Exiting the second lift, I did a gentle run back down to Kreuzboden, watching the crowds of tourists disappear as I ran past the looming red tooth of Jegihorn and sweeping southern line of Lagginhorn. It wasn’t anything record breaking, just a gentle acclimatisation, and a reminder to keep breathing in the thin, dusty air. Stopping by the Kreuzboden lake, passing loose scatty stones, the whole of the Mischabel range greeted us in its fantastical visage, much like seeing a cartoon of a mountain landscape in a spa. It felt surreal, the mountain view appreciated in between intakes of breath as I took a brief, exhilarating swim in the very chilled, perfectly still glacial lake.

Kreuzboden lake with the Mischabel mountains in the backgroundKreuzboden lake, with the Mischabel mountains in the background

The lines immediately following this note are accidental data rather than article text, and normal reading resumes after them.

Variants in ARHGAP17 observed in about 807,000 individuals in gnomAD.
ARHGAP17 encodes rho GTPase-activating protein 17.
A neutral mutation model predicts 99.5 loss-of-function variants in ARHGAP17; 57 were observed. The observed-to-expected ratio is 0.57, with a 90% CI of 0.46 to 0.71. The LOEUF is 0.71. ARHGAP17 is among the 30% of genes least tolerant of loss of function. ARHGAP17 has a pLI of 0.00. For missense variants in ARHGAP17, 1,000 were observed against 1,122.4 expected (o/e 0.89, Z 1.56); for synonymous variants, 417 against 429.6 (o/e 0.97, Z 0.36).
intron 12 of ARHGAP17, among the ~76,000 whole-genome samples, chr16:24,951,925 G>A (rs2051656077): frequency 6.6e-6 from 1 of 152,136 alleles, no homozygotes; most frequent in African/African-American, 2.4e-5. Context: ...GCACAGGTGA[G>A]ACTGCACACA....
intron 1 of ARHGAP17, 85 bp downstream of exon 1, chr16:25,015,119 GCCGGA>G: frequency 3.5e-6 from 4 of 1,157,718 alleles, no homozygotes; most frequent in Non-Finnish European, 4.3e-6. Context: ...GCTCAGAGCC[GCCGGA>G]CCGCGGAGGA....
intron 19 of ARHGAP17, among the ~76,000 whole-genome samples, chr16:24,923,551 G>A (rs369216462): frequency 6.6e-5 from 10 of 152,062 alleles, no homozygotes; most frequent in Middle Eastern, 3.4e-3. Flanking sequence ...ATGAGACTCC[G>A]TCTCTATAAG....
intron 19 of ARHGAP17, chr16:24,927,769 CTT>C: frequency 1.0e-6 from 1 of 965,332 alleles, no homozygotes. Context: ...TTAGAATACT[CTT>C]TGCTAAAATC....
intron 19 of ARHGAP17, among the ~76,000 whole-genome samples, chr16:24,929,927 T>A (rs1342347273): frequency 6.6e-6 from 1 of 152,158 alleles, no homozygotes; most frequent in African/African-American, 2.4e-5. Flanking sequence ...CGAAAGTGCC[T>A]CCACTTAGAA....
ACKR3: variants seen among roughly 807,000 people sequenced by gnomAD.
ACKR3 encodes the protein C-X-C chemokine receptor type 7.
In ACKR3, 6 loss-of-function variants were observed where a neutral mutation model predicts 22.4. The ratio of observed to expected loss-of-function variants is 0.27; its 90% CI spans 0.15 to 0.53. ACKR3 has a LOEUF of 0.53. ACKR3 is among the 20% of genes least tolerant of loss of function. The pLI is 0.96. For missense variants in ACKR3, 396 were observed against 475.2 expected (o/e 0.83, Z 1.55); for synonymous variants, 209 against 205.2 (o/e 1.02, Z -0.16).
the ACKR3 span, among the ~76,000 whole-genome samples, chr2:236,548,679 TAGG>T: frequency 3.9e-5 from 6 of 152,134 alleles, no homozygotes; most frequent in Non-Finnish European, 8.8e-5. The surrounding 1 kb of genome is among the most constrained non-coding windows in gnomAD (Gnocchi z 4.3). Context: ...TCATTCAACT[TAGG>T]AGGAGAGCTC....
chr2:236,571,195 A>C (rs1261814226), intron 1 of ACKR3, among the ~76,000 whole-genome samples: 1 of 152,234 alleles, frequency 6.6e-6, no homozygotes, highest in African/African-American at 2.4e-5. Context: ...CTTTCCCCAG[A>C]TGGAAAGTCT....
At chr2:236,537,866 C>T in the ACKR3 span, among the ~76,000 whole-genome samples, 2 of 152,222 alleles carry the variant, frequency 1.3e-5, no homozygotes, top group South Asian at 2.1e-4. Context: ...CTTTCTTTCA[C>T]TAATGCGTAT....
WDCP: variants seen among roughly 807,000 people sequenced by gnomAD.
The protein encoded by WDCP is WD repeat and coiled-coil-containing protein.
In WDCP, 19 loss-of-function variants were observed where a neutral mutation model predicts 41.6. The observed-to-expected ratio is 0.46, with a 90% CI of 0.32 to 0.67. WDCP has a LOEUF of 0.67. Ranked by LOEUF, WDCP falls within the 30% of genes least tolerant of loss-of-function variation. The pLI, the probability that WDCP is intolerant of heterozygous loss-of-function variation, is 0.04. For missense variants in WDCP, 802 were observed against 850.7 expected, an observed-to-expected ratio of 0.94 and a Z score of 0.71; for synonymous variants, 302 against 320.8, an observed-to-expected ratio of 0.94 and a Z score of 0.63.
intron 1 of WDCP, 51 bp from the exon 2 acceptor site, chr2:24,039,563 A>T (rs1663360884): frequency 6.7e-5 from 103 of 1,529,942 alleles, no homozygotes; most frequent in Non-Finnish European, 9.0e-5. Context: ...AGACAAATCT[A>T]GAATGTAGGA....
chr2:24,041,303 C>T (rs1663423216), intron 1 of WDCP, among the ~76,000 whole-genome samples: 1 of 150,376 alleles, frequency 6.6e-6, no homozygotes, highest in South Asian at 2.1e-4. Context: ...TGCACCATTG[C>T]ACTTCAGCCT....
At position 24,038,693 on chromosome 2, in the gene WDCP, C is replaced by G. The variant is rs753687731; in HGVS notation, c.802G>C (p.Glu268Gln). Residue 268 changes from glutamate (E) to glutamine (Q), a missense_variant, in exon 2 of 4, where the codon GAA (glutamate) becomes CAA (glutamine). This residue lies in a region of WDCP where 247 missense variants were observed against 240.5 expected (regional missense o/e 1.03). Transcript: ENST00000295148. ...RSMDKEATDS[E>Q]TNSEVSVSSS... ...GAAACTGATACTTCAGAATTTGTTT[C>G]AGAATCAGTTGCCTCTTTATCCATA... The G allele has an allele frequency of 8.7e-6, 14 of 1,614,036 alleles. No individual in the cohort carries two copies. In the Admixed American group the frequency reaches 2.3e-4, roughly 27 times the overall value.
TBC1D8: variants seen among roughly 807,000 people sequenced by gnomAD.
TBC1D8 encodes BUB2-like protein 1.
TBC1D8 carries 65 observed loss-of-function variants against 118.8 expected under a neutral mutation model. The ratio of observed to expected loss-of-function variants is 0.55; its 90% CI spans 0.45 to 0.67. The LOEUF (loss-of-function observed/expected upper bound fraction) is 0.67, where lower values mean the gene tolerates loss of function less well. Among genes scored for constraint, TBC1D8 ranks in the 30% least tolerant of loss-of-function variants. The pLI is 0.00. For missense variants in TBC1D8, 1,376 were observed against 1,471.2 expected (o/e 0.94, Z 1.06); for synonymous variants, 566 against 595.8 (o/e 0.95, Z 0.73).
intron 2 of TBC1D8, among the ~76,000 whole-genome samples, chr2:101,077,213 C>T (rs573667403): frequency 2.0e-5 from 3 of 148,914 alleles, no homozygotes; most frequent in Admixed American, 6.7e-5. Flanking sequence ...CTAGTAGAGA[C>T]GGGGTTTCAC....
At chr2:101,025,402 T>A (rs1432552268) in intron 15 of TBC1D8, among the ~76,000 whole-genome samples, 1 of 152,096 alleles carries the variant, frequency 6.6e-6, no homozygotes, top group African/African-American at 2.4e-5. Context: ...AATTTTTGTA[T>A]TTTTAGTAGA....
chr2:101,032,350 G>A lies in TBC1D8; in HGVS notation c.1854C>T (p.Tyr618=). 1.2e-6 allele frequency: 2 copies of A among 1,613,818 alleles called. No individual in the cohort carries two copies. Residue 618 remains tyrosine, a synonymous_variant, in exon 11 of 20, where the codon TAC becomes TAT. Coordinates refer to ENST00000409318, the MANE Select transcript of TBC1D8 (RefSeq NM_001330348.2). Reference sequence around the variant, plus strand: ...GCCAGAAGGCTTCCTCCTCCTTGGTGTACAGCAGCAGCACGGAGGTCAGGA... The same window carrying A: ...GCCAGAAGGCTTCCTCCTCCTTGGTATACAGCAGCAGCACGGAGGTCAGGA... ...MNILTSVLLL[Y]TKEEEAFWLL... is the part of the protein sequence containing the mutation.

After taking time to chill on the hammocks, I was still in disbelief of my mountain surroundings. Yet my day was to take a rather adventurous turn when I went via the Kreuzboden lift to collect the Giant scooter, a simple aluminium framed mode of transport with thick, rolling wheels.  The lift man, who was arranging the rental, took a form of identification off me – assured me that my identification would make itself safely down to the bottom and be returned to me upon receipt of the returned scooter, and waved me on my way. ‘Not this way’  - he pointed at the lift station board, down a rather hairy looking zig zag. ‘Follow the main vehicle track!’ A brief hour later, having balanced a foot teetering on the board, as the scooter started to pull itself rapidly down the hill. The spirit of adventure was really awakened as I used my bodyweight to counterbalance against the rough gravel terrain, the odd pothole and the narrow switchbacks. Taking it slow (with the squeaky brakes seemingly doing little to slow my speed down), I managed to descend rapidly back down to the valley lift station, exhilarated by the somewhat wild adventure. A run, swim, and scoot   - a perfect way to gain some altitude and get up past 3000m.